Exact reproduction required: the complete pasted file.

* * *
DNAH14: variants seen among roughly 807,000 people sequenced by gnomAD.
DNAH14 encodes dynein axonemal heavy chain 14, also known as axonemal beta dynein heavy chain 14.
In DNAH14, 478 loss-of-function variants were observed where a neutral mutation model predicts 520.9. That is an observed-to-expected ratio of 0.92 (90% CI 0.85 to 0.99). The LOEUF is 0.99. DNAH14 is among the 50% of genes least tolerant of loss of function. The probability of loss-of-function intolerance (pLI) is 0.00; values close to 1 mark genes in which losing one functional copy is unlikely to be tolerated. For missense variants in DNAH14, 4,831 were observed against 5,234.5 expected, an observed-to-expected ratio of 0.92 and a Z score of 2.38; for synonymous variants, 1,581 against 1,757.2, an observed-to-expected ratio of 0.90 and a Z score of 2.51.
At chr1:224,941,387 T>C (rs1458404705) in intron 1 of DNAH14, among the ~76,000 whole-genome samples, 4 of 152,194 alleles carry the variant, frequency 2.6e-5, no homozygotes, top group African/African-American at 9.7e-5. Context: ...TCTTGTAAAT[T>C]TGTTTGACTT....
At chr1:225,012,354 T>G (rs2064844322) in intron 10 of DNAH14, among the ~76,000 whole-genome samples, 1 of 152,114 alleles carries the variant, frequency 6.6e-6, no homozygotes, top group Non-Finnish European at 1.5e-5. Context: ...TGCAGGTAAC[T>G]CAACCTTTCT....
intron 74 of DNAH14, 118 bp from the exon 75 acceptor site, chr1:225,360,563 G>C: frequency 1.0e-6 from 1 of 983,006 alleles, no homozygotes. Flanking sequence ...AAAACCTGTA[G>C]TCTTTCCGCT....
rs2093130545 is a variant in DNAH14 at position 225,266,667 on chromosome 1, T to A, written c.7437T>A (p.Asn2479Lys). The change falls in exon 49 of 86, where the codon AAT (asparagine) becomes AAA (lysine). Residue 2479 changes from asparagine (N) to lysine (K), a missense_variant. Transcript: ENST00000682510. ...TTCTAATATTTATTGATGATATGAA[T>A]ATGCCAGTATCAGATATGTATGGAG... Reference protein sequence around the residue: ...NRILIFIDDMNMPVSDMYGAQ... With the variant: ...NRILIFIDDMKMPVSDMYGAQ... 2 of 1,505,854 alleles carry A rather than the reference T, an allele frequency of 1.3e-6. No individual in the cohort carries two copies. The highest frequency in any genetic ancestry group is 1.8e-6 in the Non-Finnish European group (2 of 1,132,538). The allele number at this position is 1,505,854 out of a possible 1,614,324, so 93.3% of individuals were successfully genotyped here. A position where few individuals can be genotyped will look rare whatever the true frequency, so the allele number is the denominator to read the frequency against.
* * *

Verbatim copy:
DNAH14: variants seen among roughly 807,000 people sequenced by gnomAD.
DNAH14 encodes dynein axonemal heavy chain 14, also known as axonemal beta dynein heavy chain 14.
In DNAH14, 478 loss-of-function variants were observed where a neutral mutation model predicts 520.9. That is an observed-to-expected ratio of 0.92 (90% CI 0.85 to 0.99). The LOEUF is 0.99. DNAH14 is among the 50% of genes least tolerant of loss of function. The probability of loss-of-function intolerance (pLI) is 0.00; values close to 1 mark genes in which losing one functional copy is unlikely to be tolerated. For missense variants in DNAH14, 4,831 were observed against 5,234.5 expected, an observed-to-expected ratio of 0.92 and a Z score of 2.38; for synonymous variants, 1,581 against 1,757.2, an observed-to-expected ratio of 0.90 and a Z score of 2.51.
At chr1:224,941,387 T>C (rs1458404705) in intron 1 of DNAH14, among the ~76,000 whole-genome samples, 4 of 152,194 alleles carry the variant, frequency 2.6e-5, no homozygotes, top group African/African-American at 9.7e-5. Context: ...TCTTGTAAAT[T>C]TGTTTGACTT....
At chr1:225,012,354 T>G (rs2064844322) in intron 10 of DNAH14, among the ~76,000 whole-genome samples, 1 of 152,114 alleles carries the variant, frequency 6.6e-6, no homozygotes, top group Non-Finnish European at 1.5e-5. Context: ...TGCAGGTAAC[T>G]CAACCTTTCT....
intron 74 of DNAH14, 118 bp from the exon 75 acceptor site, chr1:225,360,563 G>C: frequency 1.0e-6 from 1 of 983,006 alleles, no homozygotes. Flanking sequence ...AAAACCTGTA[G>C]TCTTTCCGCT....
rs2093130545 is a variant in DNAH14 at position 225,266,667 on chromosome 1, T to A, written c.7437T>A (p.Asn2479Lys). The change falls in exon 49 of 86, where the codon AAT (asparagine) becomes AAA (lysine). Residue 2479 changes from asparagine (N) to lysine (K), a missense_variant. Transcript: ENST00000682510. ...TTCTAATATTTATTGATGATATGAA[T>A]ATGCCAGTATCAGATATGTATGGAG... Reference protein sequence around the residue: ...NRILIFIDDMNMPVSDMYGAQ... With the variant: ...NRILIFIDDMKMPVSDMYGAQ... 2 of 1,505,854 alleles carry A rather than the reference T, an allele frequency of 1.3e-6. No individual in the cohort carries two copies. The highest frequency in any genetic ancestry group is 1.8e-6 in the Non-Finnish European group (2 of 1,132,538). The allele number at this position is 1,505,854 out of a possible 1,614,324, so 93.3% of individuals were successfully genotyped here. A position where few individuals can be genotyped will look rare whatever the true frequency, so the allele number is the denominator to read the frequency against.